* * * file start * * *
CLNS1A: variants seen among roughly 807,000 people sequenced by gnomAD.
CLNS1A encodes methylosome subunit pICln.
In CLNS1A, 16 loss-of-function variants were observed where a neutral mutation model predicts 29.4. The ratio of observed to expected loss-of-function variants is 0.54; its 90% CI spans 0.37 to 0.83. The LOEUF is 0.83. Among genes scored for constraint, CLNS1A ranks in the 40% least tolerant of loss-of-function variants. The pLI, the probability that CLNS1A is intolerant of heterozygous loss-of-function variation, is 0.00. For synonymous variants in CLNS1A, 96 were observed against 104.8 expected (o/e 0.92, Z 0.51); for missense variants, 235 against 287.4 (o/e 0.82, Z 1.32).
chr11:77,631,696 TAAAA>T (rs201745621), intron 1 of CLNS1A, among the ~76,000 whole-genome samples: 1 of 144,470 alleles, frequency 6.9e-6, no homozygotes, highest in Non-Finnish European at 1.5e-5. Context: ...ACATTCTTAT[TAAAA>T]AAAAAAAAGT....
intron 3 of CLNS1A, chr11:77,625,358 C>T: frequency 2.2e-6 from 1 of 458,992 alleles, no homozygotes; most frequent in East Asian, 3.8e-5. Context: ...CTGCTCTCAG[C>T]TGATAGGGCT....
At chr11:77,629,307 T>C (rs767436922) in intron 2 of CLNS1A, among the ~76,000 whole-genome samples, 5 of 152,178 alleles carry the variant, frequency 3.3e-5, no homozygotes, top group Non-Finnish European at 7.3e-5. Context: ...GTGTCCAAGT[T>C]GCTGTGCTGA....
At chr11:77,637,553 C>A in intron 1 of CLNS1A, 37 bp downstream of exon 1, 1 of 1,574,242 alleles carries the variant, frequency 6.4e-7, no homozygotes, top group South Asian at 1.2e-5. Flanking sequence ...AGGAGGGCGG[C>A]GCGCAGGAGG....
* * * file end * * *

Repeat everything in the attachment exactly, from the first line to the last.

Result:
CLNS1A: variants seen among roughly 807,000 people sequenced by gnomAD.
CLNS1A encodes methylosome subunit pICln.
In CLNS1A, 16 loss-of-function variants were observed where a neutral mutation model predicts 29.4. The ratio of observed to expected loss-of-function variants is 0.54; its 90% CI spans 0.37 to 0.83. The LOEUF is 0.83. Among genes scored for constraint, CLNS1A ranks in the 40% least tolerant of loss-of-function variants. The pLI, the probability that CLNS1A is intolerant of heterozygous loss-of-function variation, is 0.00. For synonymous variants in CLNS1A, 96 were observed against 104.8 expected (o/e 0.92, Z 0.51); for missense variants, 235 against 287.4 (o/e 0.82, Z 1.32).
chr11:77,631,696 TAAAA>T (rs201745621), intron 1 of CLNS1A, among the ~76,000 whole-genome samples: 1 of 144,470 alleles, frequency 6.9e-6, no homozygotes, highest in Non-Finnish European at 1.5e-5. Context: ...ACATTCTTAT[TAAAA>T]AAAAAAAAGT....
intron 3 of CLNS1A, chr11:77,625,358 C>T: frequency 2.2e-6 from 1 of 458,992 alleles, no homozygotes; most frequent in East Asian, 3.8e-5. Context: ...CTGCTCTCAG[C>T]TGATAGGGCT....
At chr11:77,629,307 T>C (rs767436922) in intron 2 of CLNS1A, among the ~76,000 whole-genome samples, 5 of 152,178 alleles carry the variant, frequency 3.3e-5, no homozygotes, top group Non-Finnish European at 7.3e-5. Context: ...GTGTCCAAGT[T>C]GCTGTGCTGA....
At chr11:77,637,553 C>A in intron 1 of CLNS1A, 37 bp downstream of exon 1, 1 of 1,574,242 alleles carries the variant, frequency 6.4e-7, no homozygotes, top group South Asian at 1.2e-5. Flanking sequence ...AGGAGGGCGG[C>A]GCGCAGGAGG....